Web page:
Wednesday, October 29, 2014

Walking Shots, Biked Over

Robert Smithson's concept for a floating island.

Stanley Crawford's concept for a man-made floating island. Image courtesy of (buy some shallots).

Love that Smithson painted geological cross-sections.  Always found these so engrossing in text books. 

John Gerrard's Solar Reserve at Lincoln Center.  An LCD screen displaying a virtual solar power station written over a vacant expanse of Nevada desert.

Beneath the watery April sun, an occasional police car or jeep cruised slowly, watchfully, among the bright shoals of cyclists who floated, flushed, moist, openmouthed, above wantonly pumping legs, curiously disowned, jumping knees, and the transparent whir of wheels.   

-Harold Brodkey, Hofstedt and Jean--and Others, originally published in the NewYorker, 1969

 I was nearly hit by a cyclist the other day.  I was crossing 5th ave with the light and he came careening downhill with no intention of stopping.  I panicked and froze and he squeezed his brakes until his bike squealed and he popped forward on his seat. We each checked if the other was okay before we started yelling. I had the light, was my point. What if he was a car, was his point. To which I again stated, that I had the light-- this is generally less of a problem for cars. I told him he should watch where he was going and I assumed he was just as much in shock as me, because what if I had been a car? but then I grew furious with him and conceded, yes, it is true assholes who want to go fast and ignore traffic lights can drive cars or bikes. He told me to go fuck myself. I had actually just gotten off my bike. I had locked it up before crossing the street. I had the helmet tucked under my arm as I was yelling at the guy.  I was thinking about this today when my train stopped.  Strap-hanging for fifteen minutes with only the dark of the tunnel on the other side of the window, I became conscious of a fear that somehow time would figure out a way to stop-- time would stop but but my consciousness would remain active, my subway car would drop out of time, my fellow passengers would not age and would not feel time passing and though we'd all be stuck with one another, we'd remain as equally inaccessible as if the train were moving and we were waiting for the next stop. It is with biking that the frustrations of mass transit-- of being held momentarily due to the train traffic ahead, of sick passengers, of investigations and earlier incidents, of the people who look as if they've already died twice that day that stay plastered in place even though there's room in the middle and of the others who wedge themselves through the closing doors, of the basic package of powerlessness the city offers its residents--disappear.  I love riding my bike in the city.  At its best I feel as if I'm floating just eight inches above the city, which is enough to feel euphoric.  The city and its rules peel away.   The biking passages in Hofstedt and Jean-- and Others are the best I've come across for detailing the sensation of riding in the city.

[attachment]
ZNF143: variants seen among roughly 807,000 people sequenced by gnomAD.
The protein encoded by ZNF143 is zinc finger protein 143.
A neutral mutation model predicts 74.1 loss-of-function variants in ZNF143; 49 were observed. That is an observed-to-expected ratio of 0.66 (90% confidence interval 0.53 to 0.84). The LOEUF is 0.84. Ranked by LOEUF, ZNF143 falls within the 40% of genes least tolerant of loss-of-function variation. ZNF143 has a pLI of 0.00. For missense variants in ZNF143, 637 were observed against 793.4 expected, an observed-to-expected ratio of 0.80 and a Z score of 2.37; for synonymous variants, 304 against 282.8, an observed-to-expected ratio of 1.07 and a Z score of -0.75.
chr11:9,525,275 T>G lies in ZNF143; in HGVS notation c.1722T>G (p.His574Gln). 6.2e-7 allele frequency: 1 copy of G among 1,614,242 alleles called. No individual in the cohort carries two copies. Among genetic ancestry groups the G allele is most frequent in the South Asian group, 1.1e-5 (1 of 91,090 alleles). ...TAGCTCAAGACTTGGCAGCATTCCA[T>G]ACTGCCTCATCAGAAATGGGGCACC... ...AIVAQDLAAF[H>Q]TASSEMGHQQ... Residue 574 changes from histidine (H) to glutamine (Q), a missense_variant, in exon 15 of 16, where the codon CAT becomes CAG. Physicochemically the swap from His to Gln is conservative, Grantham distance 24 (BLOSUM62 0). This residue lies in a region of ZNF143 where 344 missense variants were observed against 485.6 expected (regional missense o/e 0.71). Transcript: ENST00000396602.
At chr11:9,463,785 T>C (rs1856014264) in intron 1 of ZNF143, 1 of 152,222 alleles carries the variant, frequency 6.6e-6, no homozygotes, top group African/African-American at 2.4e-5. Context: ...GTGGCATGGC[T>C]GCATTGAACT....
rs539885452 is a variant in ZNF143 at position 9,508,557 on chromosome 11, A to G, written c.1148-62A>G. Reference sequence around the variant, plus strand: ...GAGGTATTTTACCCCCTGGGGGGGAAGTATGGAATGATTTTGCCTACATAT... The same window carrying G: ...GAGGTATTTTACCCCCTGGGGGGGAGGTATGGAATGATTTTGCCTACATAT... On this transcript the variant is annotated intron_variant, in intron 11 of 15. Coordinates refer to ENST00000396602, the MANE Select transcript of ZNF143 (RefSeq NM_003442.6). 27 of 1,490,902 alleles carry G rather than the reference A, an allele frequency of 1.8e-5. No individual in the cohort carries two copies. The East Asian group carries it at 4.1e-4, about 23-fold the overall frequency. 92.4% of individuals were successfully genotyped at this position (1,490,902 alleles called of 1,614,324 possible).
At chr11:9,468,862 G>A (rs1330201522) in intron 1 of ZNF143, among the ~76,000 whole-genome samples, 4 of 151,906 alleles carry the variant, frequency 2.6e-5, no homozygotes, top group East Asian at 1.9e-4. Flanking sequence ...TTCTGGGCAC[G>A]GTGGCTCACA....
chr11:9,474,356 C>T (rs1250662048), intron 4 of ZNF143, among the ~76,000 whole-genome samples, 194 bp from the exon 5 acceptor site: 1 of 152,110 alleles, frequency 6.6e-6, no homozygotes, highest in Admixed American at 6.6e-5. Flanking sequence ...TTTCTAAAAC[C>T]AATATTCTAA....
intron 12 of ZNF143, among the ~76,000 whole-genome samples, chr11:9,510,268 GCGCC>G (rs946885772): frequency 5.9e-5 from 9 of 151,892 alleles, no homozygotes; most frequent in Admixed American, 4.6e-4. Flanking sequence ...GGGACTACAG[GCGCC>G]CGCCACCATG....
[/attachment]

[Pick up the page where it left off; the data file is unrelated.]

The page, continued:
Magic hour